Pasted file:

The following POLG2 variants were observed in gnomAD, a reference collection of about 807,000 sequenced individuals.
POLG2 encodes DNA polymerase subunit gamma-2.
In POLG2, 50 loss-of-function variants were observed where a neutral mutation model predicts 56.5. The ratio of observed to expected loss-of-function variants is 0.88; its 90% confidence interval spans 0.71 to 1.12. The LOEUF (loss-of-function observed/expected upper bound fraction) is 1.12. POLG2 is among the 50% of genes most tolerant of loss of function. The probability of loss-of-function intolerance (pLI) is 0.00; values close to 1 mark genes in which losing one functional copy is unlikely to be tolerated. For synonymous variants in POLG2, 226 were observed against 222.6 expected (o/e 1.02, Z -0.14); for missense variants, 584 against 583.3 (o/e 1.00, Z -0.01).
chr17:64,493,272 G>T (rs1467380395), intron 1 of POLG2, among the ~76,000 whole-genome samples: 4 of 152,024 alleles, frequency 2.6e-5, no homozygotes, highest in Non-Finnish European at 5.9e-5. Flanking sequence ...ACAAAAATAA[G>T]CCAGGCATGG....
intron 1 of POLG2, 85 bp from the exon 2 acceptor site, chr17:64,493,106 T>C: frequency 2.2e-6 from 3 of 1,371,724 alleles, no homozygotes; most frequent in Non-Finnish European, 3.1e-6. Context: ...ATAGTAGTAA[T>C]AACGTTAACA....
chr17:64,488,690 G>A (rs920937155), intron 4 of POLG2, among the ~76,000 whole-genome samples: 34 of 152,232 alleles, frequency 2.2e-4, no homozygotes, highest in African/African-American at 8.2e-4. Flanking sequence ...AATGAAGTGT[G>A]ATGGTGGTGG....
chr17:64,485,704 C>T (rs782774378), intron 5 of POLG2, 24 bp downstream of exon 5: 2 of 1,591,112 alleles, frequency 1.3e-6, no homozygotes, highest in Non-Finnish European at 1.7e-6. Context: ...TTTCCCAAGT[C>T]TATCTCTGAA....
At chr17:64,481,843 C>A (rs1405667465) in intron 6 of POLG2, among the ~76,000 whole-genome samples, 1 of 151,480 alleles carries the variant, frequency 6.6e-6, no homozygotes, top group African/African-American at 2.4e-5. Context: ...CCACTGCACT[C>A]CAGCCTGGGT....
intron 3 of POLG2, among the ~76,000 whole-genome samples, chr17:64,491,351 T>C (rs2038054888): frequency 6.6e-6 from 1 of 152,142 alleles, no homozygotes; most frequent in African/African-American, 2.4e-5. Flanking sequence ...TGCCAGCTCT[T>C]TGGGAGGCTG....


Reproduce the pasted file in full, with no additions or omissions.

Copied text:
The following POLG2 variants were observed in gnomAD, a reference collection of about 807,000 sequenced individuals.
POLG2 encodes DNA polymerase subunit gamma-2.
In POLG2, 50 loss-of-function variants were observed where a neutral mutation model predicts 56.5. The ratio of observed to expected loss-of-function variants is 0.88; its 90% confidence interval spans 0.71 to 1.12. The LOEUF (loss-of-function observed/expected upper bound fraction) is 1.12. POLG2 is among the 50% of genes most tolerant of loss of function. The probability of loss-of-function intolerance (pLI) is 0.00; values close to 1 mark genes in which losing one functional copy is unlikely to be tolerated. For synonymous variants in POLG2, 226 were observed against 222.6 expected (o/e 1.02, Z -0.14); for missense variants, 584 against 583.3 (o/e 1.00, Z -0.01).
chr17:64,493,272 G>T (rs1467380395), intron 1 of POLG2, among the ~76,000 whole-genome samples: 4 of 152,024 alleles, frequency 2.6e-5, no homozygotes, highest in Non-Finnish European at 5.9e-5. Flanking sequence ...ACAAAAATAA[G>T]CCAGGCATGG....
intron 1 of POLG2, 85 bp from the exon 2 acceptor site, chr17:64,493,106 T>C: frequency 2.2e-6 from 3 of 1,371,724 alleles, no homozygotes; most frequent in Non-Finnish European, 3.1e-6. Context: ...ATAGTAGTAA[T>C]AACGTTAACA....
chr17:64,488,690 G>A (rs920937155), intron 4 of POLG2, among the ~76,000 whole-genome samples: 34 of 152,232 alleles, frequency 2.2e-4, no homozygotes, highest in African/African-American at 8.2e-4. Flanking sequence ...AATGAAGTGT[G>A]ATGGTGGTGG....
chr17:64,485,704 C>T (rs782774378), intron 5 of POLG2, 24 bp downstream of exon 5: 2 of 1,591,112 alleles, frequency 1.3e-6, no homozygotes, highest in Non-Finnish European at 1.7e-6. Context: ...TTTCCCAAGT[C>T]TATCTCTGAA....
At chr17:64,481,843 C>A (rs1405667465) in intron 6 of POLG2, among the ~76,000 whole-genome samples, 1 of 151,480 alleles carries the variant, frequency 6.6e-6, no homozygotes, top group African/African-American at 2.4e-5. Context: ...CCACTGCACT[C>A]CAGCCTGGGT....
intron 3 of POLG2, among the ~76,000 whole-genome samples, chr17:64,491,351 T>C (rs2038054888): frequency 6.6e-6 from 1 of 152,142 alleles, no homozygotes; most frequent in African/African-American, 2.4e-5. Flanking sequence ...TGCCAGCTCT[T>C]TGGGAGGCTG....